Davis was a goner long before he was gone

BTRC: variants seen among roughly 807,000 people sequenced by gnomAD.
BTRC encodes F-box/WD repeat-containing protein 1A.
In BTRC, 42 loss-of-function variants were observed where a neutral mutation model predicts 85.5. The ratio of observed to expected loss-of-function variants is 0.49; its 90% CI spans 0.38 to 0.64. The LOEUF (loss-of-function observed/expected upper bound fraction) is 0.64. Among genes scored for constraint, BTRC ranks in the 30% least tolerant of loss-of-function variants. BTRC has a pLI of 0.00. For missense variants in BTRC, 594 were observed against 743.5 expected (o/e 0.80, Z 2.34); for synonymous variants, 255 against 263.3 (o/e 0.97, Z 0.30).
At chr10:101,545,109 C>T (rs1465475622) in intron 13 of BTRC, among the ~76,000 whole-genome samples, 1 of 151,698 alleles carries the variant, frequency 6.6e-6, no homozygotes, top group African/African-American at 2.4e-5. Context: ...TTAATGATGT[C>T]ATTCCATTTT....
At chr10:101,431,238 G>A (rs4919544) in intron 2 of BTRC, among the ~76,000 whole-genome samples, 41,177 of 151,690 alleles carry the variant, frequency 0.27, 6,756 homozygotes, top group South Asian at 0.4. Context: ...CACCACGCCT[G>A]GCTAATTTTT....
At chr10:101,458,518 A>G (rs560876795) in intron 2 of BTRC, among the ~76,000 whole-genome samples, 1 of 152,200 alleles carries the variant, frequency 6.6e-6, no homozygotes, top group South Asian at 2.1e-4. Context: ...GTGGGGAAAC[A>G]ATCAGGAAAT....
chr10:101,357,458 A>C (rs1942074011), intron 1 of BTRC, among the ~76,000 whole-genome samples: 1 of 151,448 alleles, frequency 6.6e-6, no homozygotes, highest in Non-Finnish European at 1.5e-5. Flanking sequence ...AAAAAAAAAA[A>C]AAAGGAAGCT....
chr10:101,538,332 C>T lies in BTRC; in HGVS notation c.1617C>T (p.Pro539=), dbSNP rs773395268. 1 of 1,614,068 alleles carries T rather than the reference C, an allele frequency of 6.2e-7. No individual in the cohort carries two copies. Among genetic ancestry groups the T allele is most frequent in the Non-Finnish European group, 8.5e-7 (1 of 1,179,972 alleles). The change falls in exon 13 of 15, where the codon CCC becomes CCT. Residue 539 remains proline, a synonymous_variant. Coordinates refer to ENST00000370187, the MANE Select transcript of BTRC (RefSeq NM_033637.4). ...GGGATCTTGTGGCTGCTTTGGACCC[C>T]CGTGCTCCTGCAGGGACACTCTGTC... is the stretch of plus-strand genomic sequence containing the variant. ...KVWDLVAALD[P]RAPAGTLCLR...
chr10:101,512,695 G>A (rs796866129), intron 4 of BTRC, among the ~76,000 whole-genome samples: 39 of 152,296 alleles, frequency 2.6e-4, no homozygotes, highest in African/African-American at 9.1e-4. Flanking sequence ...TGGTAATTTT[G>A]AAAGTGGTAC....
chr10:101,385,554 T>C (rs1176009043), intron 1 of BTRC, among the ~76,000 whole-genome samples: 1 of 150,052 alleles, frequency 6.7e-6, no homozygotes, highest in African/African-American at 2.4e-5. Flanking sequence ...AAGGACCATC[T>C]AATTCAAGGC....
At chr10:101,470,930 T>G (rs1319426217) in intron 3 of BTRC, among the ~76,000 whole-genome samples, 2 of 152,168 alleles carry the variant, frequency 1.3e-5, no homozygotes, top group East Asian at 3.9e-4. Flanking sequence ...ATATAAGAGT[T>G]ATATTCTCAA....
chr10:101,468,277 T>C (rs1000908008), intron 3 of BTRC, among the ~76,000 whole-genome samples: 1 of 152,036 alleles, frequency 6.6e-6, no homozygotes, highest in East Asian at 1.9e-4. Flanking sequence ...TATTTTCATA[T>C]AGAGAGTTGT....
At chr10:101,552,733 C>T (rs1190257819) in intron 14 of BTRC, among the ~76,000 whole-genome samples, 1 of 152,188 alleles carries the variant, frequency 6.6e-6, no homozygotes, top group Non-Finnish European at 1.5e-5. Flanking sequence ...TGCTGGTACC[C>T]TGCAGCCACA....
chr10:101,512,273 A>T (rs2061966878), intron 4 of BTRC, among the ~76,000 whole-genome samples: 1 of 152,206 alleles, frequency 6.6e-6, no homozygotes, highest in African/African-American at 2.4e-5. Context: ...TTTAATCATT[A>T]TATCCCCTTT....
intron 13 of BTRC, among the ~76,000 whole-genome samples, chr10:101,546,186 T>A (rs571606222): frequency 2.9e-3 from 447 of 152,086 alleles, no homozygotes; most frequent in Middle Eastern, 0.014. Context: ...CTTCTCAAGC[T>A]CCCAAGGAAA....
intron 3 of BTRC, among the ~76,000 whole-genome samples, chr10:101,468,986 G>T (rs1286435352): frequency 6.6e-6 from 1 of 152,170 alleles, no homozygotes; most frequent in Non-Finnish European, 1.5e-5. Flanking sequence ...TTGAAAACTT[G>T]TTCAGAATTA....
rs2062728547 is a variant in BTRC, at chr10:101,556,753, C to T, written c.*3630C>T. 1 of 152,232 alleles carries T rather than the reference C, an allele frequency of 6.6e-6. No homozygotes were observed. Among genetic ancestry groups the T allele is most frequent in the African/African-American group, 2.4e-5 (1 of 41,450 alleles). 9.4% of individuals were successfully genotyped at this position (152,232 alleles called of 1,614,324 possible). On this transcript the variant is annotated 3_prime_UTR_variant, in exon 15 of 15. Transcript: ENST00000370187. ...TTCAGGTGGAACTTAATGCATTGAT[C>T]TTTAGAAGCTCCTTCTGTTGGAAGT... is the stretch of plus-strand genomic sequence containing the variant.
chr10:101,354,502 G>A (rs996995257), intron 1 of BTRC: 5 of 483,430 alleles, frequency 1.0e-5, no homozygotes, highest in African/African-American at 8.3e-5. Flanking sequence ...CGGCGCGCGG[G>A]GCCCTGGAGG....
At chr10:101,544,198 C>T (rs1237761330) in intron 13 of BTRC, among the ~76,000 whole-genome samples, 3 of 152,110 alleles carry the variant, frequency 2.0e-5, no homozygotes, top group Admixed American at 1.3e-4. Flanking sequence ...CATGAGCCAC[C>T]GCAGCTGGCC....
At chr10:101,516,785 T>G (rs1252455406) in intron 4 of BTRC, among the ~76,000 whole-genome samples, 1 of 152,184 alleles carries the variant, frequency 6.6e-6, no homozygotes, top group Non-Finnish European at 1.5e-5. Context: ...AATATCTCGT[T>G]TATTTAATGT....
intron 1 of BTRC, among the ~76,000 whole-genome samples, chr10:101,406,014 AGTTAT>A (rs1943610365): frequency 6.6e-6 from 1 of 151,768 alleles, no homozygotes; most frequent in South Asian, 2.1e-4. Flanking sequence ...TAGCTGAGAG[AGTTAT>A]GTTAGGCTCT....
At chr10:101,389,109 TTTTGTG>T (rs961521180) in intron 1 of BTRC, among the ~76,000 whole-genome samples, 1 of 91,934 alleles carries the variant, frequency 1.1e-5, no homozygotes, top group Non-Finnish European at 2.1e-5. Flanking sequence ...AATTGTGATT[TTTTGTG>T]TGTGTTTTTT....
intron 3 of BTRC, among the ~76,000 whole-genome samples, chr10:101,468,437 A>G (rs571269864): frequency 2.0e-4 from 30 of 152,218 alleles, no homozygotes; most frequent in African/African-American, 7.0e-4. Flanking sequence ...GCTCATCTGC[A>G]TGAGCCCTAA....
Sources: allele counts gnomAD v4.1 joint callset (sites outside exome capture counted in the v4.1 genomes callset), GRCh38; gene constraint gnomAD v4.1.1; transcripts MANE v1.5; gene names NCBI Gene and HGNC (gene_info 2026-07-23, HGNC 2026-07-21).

And after the 49ers finished dead last in the league's defensive rankings in Davis' debut as a NFL coordinator last season, Davis needed to show incremental progress - both in his role and in the way his methods contributed to the defense's performance on the field. He didn't. So he's gone. As Nolan already has demonstrated several times in his dealings with players, he is running a tight ship with a tight fist. It's no different when one of his subordinates no longer fits into the structure of the Nolan plan. Defensive lineman Gary Emanuel, who also directed a unit that was little - if any - better in late December than when the season began, also got the axe Wednesday. When Davis was hired back in February of 2005, he fit the profile Nolan was looking for in a defensive coordinator as he assembled his first staff: Young, bright, and on the rise. Davis had 13 seasons of previous NFL experience with the Pittsburgh Steelers, Carolina Panthers, Cleveland Browns, Green Bay Packers, Atlanta Falcons and New York Giants. Despite his relative youth - 39 when hired by Nolan - Davis had been around, and he was considered one of the league's up-and-comers on the defensive side of the ball. He appeared to be a good fit for the structure Nolan envisioned, and to be sure, Davis could count on a lot of help from his head coach, who had 11 years of experience as a NFL defensive coordinator before landing his first head coaching position with the 49ers. As it turned out, Davis needed far too much of that help. It might be unfair to suggest Davis was in over his head at this point of his career, but he definitely didn't play a strong enough hand with the cards he was dealt as - by most outward appearances - Nolan had taken over almost total control of running the defense by season's end. "After an evaluation period, we felt this was the right time to make the move," Nolan said Wednesday morning. "I wish Billy and Gary the very best and I enjoyed our time together. These were tough decisions as they are both great individuals and have the potential to be very successful coaches in this league." As you read between the lines in Nolan's statement, the key word is "potential." Neither Davis or Emanuel are there yet at this level, and Nolan can no longer wait. After all, Nolan still is in the process of fulfilling his potential as a head coach, and he's got a date with postseason destiny to reach next season, or else the momentum that has built methodically through Nolan's first two years in San Francisco will grind to an unceremonious halt. Without question, the 49ers will need a better defense to get to the playoffs in 2007. While the blame for San Francisco's defensive failures of 2006 hardly rest only on Davis' shoulders - the 49ers finished 26th in total defense this season while allowing a NFL-worst 412 points - he didn't make enough of an impact to convince Nolan to keep him around for the payoff that's expected to come this year after the team's rebuilding struggles of the past two seasons. Davis was in a difficult position to begin with, since he basically was a defensive coordinator in name only with Nolan actually running the show on that side of the ball. Nolan typically scouts the opponent and prepares the defensive game plan, then calls the defense from the sidelines with subjective help from Davis. During the week of practice preparation, Nolan was the most hands-on defensive coach on the field, barking out instruction and positioning players during walk-throughs as Davis stood by as an observer. Davis appeared to become more of a practice bystander after the 49ers went through their roughest patch of the season - a four-game swing in October when San Francisco allowed a whopping 150 points, including losses of 41-0 to Kansas City, 48-19 to San Diego and 41-10 to Chicago. It was after the Chicago debacle - when the 49ers trailed 41-0 at halftime - that Nolan stepped in and made some key personnel changes, moving linebacker Brandon Moore and safety Keith Lewis into the starting lineup. Tackle Ronnie Fields had been moved into the starting lineup by Nolan shortly before. That left Davis - who was good at spotting tendencies in opposing offenses, among other things - facing rumors of his imminent departure and in a position of needing to save his job during the remainder of the season. In an early October interview, a few days after the blowout in Kansas City, Davis said his relationship with Nolan had never been better. Davis talked about great trust on the coaching staff and "a lot of great things happening." While saying then that, "We're going to get it right" on defense, Davis also acknowledged, "It's not where we want it right now. But keep watching, because it's coming. I promise you that." That's a promise that now will be fulfilled by someone else. And that became obvious by Tuesday, when Nolan - in his postseason state of the team address - was asked specifically about Davis' status. "I think Billy did a good job, but right now as we stand, I have to have those (year-end) meetings with the coaches," Nolan said. "A lot of things come out of those meetings, and I'll wait." Nolan didn't wait for long. Billy Davis came out of his meeting being shown out the door at 49erland, even though he easily could have been given another season to develop along with the rest of the team. If that doesn't show you how serious Nolan is about winning this year, right here and now, then nothing else will.
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